If you happen to see a girl holding a small black lunch bag power walking across the quad because someone thought it was a good idea to schedule classes 10 minutes apart, it’s probably me. That lunch bag is filled with snacks from Trader Joe’s (best grocery store, sorry Wegmans) to hold me over until I have to begrudgingly head to one of the dining halls out of sheer hunger. Most of the time I head to Douglass (unless it’s the weekend) because they change up the menu somewhat in comparison to Danforth. I know a lot of people like the Pit, but everything there other than Rocky’s has disappointed me. I went to Roots and Shoots once, but it’s currently closed for forever, which is a damn shame because it was actually really good.
Just as a disclaimer, I am not in any way bashing the employees who work at the dining halls. It is no joke feeding thousands of students and faculty a day, especially while understaffed and overworked. My thoughts and complaints are mostly aimed at the higher powers that control the University dining system.
This is my first year at UR, and I realized pretty quickly that food-wise, campus is kind of desolate. Even in College Town, the food selection isn’t particularly diverse. I’m from northern New Jersey, and trips to New York City just to grab a bite were a common occurrence. I was used to having access to a thousand different cultures and cuisines just across the George Washington Bridge. I truly miss being able to go to Chinatown for Gong Cha (a bubble tea chain that puts Tai Chi to shame) and dim sum and then head uptown to Los Tacos No. 1 for some of the best tacos around, all in one afternoon. I know that I can’t exactly compare Manhattan to Rochester, but I still wasn’t prepared for the extent of the food barrenness. Sure, you could say there are plenty of good restaurants downtown, but trekking miles off campus just for a meal isn’t feasible for most students. We can’t carve out over an hour to take the shuttle to Eastman when I (and others) can barely find time to eat between classes. Most of the off-campus restaurants are also typically way out of the average college student’s budget, especially for those who already have dining hall swipes to use or a declining balance.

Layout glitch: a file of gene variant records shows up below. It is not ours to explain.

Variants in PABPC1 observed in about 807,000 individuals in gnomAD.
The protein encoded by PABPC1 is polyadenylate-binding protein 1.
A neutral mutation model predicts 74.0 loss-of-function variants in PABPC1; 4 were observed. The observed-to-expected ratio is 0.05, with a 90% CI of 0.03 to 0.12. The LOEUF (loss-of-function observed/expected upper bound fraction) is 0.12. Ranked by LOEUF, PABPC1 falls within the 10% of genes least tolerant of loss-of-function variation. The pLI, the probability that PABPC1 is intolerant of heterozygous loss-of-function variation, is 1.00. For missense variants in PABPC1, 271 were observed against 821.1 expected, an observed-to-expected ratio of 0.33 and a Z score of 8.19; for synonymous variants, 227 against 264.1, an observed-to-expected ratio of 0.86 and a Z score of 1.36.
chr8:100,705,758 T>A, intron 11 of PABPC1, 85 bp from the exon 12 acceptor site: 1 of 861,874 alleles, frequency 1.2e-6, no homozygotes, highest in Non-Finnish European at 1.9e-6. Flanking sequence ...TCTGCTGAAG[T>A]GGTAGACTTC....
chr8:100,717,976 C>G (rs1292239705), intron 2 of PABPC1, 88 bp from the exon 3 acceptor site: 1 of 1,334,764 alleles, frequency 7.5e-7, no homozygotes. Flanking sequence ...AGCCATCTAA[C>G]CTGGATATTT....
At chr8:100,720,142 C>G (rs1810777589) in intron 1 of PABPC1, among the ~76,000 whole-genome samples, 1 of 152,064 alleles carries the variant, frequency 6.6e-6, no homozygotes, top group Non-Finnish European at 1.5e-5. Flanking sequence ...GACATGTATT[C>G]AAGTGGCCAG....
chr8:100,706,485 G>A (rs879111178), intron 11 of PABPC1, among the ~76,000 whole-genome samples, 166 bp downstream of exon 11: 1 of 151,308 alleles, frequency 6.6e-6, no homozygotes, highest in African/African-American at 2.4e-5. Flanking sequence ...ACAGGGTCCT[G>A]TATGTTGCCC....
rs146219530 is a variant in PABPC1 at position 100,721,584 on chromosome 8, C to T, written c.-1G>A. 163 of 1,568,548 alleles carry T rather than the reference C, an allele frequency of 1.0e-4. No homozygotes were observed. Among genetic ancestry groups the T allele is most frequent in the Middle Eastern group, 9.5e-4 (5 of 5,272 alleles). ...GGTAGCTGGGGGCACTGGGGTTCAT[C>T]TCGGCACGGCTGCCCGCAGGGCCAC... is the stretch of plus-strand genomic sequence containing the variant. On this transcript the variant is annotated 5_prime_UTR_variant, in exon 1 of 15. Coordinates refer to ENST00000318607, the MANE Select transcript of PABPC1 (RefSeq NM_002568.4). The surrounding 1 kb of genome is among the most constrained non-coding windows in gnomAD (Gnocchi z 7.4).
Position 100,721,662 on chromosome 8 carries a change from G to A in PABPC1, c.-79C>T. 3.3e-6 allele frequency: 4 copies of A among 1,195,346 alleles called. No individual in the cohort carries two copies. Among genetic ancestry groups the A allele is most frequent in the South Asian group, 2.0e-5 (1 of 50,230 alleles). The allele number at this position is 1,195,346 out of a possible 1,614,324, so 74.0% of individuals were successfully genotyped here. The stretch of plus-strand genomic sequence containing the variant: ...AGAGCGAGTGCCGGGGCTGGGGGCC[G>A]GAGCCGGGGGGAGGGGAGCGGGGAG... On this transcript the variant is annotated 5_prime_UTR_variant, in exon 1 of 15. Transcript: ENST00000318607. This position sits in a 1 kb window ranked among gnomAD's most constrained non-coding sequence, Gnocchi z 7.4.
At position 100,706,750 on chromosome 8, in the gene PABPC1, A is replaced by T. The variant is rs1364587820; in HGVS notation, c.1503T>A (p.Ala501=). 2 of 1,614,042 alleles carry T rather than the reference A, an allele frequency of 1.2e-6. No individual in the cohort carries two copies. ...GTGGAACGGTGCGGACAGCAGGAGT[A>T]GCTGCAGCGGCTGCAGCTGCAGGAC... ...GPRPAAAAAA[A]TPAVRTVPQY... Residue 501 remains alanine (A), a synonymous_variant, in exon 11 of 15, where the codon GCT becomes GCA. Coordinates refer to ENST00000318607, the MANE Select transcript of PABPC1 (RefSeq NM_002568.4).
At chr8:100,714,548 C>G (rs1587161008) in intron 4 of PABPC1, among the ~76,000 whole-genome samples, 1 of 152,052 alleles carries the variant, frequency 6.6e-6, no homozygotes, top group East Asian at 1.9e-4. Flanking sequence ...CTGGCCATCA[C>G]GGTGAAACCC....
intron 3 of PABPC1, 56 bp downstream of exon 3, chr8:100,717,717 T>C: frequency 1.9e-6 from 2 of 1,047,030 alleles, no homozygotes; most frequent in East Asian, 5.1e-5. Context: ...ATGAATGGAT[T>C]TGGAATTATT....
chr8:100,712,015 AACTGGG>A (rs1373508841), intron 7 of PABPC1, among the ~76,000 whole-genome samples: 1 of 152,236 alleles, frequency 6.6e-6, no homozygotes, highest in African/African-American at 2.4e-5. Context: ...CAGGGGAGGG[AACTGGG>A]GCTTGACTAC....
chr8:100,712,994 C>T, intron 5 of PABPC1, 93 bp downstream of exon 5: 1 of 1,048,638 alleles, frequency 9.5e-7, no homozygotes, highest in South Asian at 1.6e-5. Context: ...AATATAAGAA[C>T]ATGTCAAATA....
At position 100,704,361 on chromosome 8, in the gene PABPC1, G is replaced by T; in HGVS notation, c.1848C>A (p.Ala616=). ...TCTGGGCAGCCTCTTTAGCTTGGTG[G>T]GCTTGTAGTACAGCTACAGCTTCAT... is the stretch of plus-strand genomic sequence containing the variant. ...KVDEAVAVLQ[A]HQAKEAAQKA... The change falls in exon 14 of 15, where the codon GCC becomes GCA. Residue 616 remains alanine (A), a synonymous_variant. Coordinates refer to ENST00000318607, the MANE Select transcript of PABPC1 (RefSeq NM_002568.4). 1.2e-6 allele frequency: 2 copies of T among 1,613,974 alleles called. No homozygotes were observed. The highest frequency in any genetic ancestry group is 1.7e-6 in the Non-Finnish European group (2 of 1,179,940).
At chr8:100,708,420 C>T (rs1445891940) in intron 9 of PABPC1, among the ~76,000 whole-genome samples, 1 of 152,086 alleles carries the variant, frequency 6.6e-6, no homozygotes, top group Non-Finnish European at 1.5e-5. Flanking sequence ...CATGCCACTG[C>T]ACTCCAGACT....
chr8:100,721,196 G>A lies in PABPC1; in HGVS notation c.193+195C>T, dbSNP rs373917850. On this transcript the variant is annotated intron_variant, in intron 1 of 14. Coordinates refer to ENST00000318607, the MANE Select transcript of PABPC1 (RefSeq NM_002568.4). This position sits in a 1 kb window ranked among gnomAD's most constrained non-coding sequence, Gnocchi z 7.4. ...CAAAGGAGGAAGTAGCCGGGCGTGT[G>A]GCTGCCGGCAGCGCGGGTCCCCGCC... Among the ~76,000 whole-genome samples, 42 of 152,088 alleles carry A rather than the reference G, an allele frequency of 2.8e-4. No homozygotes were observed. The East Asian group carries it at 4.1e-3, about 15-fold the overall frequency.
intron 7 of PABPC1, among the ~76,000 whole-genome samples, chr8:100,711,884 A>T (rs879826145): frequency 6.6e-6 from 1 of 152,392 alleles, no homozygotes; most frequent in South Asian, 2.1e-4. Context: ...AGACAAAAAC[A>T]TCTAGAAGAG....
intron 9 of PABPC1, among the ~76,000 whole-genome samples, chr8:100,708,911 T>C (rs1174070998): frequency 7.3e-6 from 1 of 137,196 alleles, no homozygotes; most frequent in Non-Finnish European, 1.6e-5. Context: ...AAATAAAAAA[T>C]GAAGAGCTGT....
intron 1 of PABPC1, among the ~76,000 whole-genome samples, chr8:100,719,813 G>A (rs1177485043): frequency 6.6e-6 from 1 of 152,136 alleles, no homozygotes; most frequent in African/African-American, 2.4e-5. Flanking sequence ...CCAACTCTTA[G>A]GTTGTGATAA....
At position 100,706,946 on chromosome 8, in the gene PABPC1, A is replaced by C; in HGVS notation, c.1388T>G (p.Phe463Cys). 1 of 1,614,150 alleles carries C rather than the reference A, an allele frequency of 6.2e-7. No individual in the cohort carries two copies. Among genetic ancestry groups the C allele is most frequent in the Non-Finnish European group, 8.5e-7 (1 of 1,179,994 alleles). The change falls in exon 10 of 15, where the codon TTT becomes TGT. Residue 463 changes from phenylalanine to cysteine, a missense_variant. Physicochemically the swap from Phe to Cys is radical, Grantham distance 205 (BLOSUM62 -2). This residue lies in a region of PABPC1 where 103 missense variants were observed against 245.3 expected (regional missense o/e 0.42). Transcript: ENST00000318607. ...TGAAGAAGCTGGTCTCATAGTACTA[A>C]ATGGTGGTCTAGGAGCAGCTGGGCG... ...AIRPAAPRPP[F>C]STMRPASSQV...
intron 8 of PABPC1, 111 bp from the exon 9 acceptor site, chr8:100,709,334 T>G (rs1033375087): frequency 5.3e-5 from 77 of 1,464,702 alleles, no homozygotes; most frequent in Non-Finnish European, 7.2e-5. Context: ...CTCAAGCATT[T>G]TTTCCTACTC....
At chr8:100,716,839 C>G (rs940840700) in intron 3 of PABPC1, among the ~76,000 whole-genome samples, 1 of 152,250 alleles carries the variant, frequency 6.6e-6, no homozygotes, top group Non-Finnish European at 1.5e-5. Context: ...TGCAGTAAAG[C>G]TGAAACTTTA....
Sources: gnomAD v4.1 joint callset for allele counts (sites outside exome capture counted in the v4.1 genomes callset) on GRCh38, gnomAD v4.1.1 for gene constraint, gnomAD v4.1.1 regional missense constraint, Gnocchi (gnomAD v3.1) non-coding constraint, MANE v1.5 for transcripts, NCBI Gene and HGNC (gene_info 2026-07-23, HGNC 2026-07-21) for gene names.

When I went to Grab-and-Go for the first time this week, I promptly walked out without getting anything (also because they were somehow out of coffee?). The price of the food simply did not match its quality or quantity. A sad looking chicken wrap that was smaller than the palm of my hand at the Grab-and-Go was $7.25! The first thought I had was how much of a better meal I could get with the same amount of money in NYC. Or even in College Town, for just a dollar more, I could get a much more substantial and filling burrito bowl at Chipotle.
Living near one of the most diverse and populous cities in the country, the people I knew with various kinds of dietary needs could find a place to eat relatively easily. But here? Not so much. I personally don’t have any dietary restrictions, but I can only imagine how much more limited the options are for those who do have them. Whether you’re gluten-free, dairy-free, lactose-free, vegetarian, vegan, have allergies, or any other kinds of restrictions, your choices are severely limited. It’s not that if you have a specific diet you won’t find anything to eat, it’s just that you can’t choose because you’ll be lucky to find one thing you can eat. It’s not right that these students either have to eat the same things every day or they have to take extra time and money to get food elsewhere. I do think that UR is on the better end when compared to the food at some other universities, but sometimes it still feels like I’m living in a desert of processed wheat and dairy, with the occasional tumbleweed of a properly cooked vegetable.